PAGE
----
Drivers want a say in wet start decisions

Formula One drivers have asked FIA race director Charlie Whiting to consider their views on whether or not conditions are safe enough to start a race, following the experience of last week's Japanese Grand Prix

Although the Fuji race began behind the safety car, drivers were complaining of extremely poor visibility and a lack of grip, and many among them felt conditions were too dangerous to race.

And, ahead of what could be again a wet race in China today, the drivers have formed a united front in their belief that they must play a bigger role in deciding if conditions are safe enough to race in.

Toyota's Jarno Trulli, a keen campaigner for improved safety in F1, said that drivers had told Whiting in their briefing on Friday night that they must be consulted more about conditions.

"We just gave Charlie [Whiting] our opinion about the last race, and most of the drivers - I would say 100 percent of the drivers - who have spoken have clearly said that the conditions in Fuji were extreme," said the Italian.

"It was difficult to judge from the outside, but from the inside it was really, really bad. I'm not saying that we shouldn't have raced, but probably we should have thought twice before releasing the safety car.

"What we wanted to say was, next time it would be better if they listened more to the drivers who were driving around the circuit in such bad conditions, and get the right decision. Obviously Fuji was a lucky race, I would say, because nothing happened."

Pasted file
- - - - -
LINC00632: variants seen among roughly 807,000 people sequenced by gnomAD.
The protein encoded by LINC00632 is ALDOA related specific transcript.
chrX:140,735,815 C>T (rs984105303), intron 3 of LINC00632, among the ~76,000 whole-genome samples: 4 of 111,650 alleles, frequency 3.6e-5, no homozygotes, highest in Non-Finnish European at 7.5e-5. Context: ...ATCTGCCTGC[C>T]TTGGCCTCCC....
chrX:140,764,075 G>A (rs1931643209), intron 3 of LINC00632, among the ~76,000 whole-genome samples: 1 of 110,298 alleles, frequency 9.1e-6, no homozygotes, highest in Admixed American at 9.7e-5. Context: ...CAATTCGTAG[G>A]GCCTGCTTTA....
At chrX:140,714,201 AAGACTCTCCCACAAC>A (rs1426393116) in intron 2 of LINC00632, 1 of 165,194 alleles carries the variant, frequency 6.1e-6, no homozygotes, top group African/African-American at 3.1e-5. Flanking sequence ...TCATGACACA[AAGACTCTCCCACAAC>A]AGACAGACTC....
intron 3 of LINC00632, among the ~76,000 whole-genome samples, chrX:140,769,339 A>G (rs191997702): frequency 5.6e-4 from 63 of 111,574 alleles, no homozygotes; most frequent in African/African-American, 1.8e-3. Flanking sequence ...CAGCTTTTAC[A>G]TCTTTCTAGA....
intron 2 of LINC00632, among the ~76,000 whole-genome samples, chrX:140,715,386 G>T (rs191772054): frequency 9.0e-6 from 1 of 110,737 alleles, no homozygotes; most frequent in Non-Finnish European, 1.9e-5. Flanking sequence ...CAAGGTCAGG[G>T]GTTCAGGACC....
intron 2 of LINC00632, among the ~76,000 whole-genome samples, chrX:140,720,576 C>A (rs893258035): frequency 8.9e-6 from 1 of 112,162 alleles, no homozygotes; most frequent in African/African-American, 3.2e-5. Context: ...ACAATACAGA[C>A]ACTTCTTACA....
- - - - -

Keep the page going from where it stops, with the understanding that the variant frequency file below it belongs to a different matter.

Trulli believes that the discussions on Friday had marked something of a breakthrough, because for the first time in a while all drivers were united.

"I was quite excited because for the first time all the drivers had exactly the same feelings about the last race," he said.

"There is nothing really which has to change. It's just a question of respecting the rules and taking care of safety. Probably from the outside, it didn't look as bad as from the inside.

"That is why I can understand Charlie's position, and that's why we only expressed our position after the Fuji race. Most of the drivers thought it was too dangerous to race and we probably should have delayed it."

Trulli also disputed claims from Fernando Alonso that drivers were widely critical of Lewis Hamilton's driving behind the safety car.

"No, absolutely not. We had a discussion about the several accidents, about the accident with (Sebastian) Vettel, with Mark Webber, with (Robert) Kubica ... many. But not attacking Lewis at all."

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